To illustrate operation of the inventive multiplexer system 100 of
The foregoing description discloses only exemplary embodiments of the invention. Modifications of the above disclosed apparatus and methods which fall within the scope of the invention will be readily apparent to those of ordinary skill in the art. For instance, the present invention may be employed to switch between any type of data signals (e.g., data signals other than clock signals). While the inventive multiplexer system 100 has been described with reference to a 4-to-1 multiplexer (e.g., four data inputs to one output), it will be understood that the invention may be employed with larger or smaller multiplexers, multiple output multiplexers or the like. Larger data selection may be achieved (e.g., merely by increasing the fan in of the NOR gates 204 a-d). That is, the inventive multiplexer system 100 is highly scalable. Other types of latches (e.g., edge triggered) may be employed for the latches 208 a-d and/or 210 a-d.
Accordingly, while the present invention has been disclosed in connection with exemplary embodiments thereof, it should be understood that other embodiments may fall within the spirit and scope of the invention, as defined by the following claims.
|Cited Patent||Filing date||Publication date||Applicant||Title|
|US4229699||May 22, 1978||Oct 21, 1980||Data General Corporation||Multiple clock selection system|
|US4853653||Apr 25, 1988||Aug 1, 1989||Rockwell International Corporation||Multiple input clock selector|
|US4970405||Dec 12, 1988||Nov 13, 1990||Nec Corporation||Clock selection circuit for selecting one of a plurality of clock pulse signals|
|US5099141||Sep 13, 1989||Mar 24, 1992||Kabushiki Kaisha Toshiba||Clock signal switching circuit|
|US5122677||Sep 3, 1991||Jun 16, 1992||Fujitsu Limited||Instantaneous breakless clock switching apparatus|
|US5155380||Apr 12, 1991||Oct 13, 1992||Acer Incorporated||Clock switching circuit and method for preventing glitch during switching|
|US5231636||Sep 13, 1991||Jul 27, 1993||National Semiconductor Corporation||Asynchronous glitchless digital MUX|
|US5315181||Jul 7, 1993||May 24, 1994||Maxtor Corporation||Circuit for synchronous, glitch-free clock switching|
|US5357146||Dec 31, 1992||Oct 18, 1994||At&T Bell Laboratories||Glitch-free clock multiplexer|
|US5604452 *||Apr 3, 1995||Feb 18, 1997||Exar Corporation||Clock generator using a state machine to switch between two offset clocks|
|US6365930||Jun 1, 2000||Apr 2, 2002||Stmicroelectronics S.R.L.||Edge termination of semiconductor devices for high voltages with resistive voltage divider|
|US6453425 *||Nov 23, 1999||Sep 17, 2002||Lsi Logic Corporation||Method and apparatus for switching clocks presented to synchronous SRAMs|
|US6501304||Oct 11, 2001||Dec 31, 2002||International Business Machines Corporation||Glitch-less clock selector|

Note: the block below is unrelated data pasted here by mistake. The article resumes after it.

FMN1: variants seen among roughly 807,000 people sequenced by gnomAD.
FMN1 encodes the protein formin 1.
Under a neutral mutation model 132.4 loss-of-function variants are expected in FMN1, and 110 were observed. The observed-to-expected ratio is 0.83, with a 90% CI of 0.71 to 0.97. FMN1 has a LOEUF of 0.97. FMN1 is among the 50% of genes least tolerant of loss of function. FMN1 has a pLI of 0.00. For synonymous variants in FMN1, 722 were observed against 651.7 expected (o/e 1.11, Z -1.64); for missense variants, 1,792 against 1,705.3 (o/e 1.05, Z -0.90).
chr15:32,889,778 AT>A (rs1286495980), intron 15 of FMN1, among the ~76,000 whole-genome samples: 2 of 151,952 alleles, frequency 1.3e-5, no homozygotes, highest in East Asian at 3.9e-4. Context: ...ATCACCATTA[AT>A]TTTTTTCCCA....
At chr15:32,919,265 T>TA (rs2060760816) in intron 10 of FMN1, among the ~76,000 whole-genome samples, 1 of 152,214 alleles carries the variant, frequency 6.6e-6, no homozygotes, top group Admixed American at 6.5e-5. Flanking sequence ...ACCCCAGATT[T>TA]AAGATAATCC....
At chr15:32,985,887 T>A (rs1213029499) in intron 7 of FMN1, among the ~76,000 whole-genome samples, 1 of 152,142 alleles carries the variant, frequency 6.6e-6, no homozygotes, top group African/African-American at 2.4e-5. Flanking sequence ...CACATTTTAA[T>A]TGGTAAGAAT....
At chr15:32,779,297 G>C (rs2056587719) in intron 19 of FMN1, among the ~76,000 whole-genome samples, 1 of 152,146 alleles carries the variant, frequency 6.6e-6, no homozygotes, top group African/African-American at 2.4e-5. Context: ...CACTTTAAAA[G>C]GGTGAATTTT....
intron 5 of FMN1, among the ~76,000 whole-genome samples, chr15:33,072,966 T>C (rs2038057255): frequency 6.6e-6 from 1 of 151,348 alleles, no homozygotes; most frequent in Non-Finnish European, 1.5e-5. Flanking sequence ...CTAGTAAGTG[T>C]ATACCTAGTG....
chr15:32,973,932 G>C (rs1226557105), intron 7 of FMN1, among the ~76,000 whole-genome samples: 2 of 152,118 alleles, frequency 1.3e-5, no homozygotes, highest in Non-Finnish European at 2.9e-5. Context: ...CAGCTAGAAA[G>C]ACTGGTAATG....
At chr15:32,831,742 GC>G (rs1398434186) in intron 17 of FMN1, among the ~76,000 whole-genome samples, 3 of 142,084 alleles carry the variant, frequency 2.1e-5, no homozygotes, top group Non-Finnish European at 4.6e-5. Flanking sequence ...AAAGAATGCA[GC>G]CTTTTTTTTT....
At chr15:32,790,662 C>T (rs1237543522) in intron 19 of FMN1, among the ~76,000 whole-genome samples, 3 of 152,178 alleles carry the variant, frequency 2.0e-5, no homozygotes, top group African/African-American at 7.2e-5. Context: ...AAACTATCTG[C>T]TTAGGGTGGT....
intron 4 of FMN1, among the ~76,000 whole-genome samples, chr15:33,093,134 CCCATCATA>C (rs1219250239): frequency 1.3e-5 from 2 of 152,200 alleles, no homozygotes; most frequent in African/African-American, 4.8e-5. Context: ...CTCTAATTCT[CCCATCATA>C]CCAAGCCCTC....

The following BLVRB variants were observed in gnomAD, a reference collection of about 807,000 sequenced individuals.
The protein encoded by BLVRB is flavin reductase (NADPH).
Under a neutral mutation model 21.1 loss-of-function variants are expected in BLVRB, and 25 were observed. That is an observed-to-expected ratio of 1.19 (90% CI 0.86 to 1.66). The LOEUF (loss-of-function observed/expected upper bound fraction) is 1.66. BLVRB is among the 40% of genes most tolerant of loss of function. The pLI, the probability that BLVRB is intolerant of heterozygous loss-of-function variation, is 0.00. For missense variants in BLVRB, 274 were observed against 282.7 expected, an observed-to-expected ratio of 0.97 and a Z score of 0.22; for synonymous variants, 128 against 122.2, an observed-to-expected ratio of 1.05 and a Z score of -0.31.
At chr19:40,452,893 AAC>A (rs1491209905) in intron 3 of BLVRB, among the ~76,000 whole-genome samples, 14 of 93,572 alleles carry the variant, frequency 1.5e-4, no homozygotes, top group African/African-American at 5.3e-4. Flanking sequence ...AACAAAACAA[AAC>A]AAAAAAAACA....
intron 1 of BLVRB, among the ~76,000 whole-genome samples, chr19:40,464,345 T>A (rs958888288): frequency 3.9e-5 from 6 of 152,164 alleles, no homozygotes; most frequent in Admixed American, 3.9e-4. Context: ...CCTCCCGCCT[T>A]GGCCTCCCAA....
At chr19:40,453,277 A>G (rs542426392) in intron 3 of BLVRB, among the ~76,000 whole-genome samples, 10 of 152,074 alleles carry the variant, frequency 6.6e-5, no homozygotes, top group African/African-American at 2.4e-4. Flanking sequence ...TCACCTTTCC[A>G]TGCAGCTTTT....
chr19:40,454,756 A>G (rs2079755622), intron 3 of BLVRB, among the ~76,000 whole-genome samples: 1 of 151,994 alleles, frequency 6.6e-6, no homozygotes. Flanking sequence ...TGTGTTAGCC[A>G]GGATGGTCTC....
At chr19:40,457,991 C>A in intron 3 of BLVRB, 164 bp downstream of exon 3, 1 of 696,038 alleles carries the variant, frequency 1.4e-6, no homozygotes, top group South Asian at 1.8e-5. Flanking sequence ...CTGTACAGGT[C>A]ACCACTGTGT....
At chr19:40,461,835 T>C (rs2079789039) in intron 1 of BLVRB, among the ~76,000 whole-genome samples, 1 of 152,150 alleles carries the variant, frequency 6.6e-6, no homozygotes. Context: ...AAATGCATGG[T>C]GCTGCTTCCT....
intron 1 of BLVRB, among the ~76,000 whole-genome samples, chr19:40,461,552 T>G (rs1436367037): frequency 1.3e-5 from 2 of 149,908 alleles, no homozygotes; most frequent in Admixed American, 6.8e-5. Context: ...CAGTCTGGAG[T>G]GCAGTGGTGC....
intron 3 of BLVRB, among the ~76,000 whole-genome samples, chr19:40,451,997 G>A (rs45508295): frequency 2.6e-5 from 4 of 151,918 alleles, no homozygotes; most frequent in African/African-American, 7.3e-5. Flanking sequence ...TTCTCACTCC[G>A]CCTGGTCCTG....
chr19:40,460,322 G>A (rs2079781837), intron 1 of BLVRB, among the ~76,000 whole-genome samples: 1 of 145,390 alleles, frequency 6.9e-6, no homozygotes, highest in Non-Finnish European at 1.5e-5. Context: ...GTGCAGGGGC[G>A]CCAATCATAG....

|US6600355 *||Jun 10, 2002||Jul 29, 2003||Xilinx, Inc.||Clock generator circuit providing an output clock signal from phased input clock signals|
|US6801074 *||Jul 15, 2003||Oct 5, 2004||Sony Corporation||Clock switching circuit|
|US7245161 *||Sep 15, 2005||Jul 17, 2007||International Business Machines Corporation||Apparatus and method for verifying glitch-free operation of a multiplexer|
|JP2002351818A||Title not available|
|JPH08263436A||Title not available|
|JPH08330915A||Title not available|
|Citing Patent||Filing date||Publication date||Applicant||Title|
|US7911239 *||Jun 14, 2006||Mar 22, 2011||Qualcomm Incorporated||Glitch-free clock signal multiplexer circuit and method of operation|
|US8680910 *||Dec 17, 2009||Mar 25, 2014||Integrated Device Technology, Inc.||Method and apparatus for glitch-free switching of multiple phase clock|
|US20070290725 *||Jun 14, 2006||Dec 20, 2007||Martin Saint-Laurent||Glitch-free clock signal multiplexer circuit and method of operation|
|U.S. Classification||327/298, 327/294, 327/99|
|International Classification||G06F1/08, G06F13/42, G06F1/04, H04L7/00, H04J3/00|
|Cooperative Classification||G06F1/08, H04L7/0083|
|European Classification||H04L7/00R2, G06F1/08|
|Dec 11, 2003||AS||Assignment|
Owner name: INTERNATIONAL BUSINESS MACHINES CORPORATION, NEW Y
Free format text: ASSIGNMENT OF ASSIGNORS INTEREST;ASSIGNORS:BOERSTLER, DAVID W.;HAILU, ESKINDER;HOFSTEE, H. PETER;REEL/FRAME:014816/0736;SIGNING DATES FROM 20031203 TO 20031205
|Jun 18, 2012||REMI||Maintenance fee reminder mailed|
|Sep 28, 2012||FPAY||Fee payment|
Year of fee payment: 4
|Sep 28, 2012||SULP||Surcharge for late payment|
|Jan 10, 2014||AS||Assignment|
Owner name: INTEL CORPORATION, CALIFORNIA
Free format text: ASSIGNMENT OF ASSIGNORS INTEREST;ASSIGNOR:INTERNATIONAL BUSINESS MACHINES CORPORATION;REEL/FRAME:031940/0056
Effective date: 20131028
|Apr 20, 2016||FPAY||Fee payment|
Year of fee payment: 8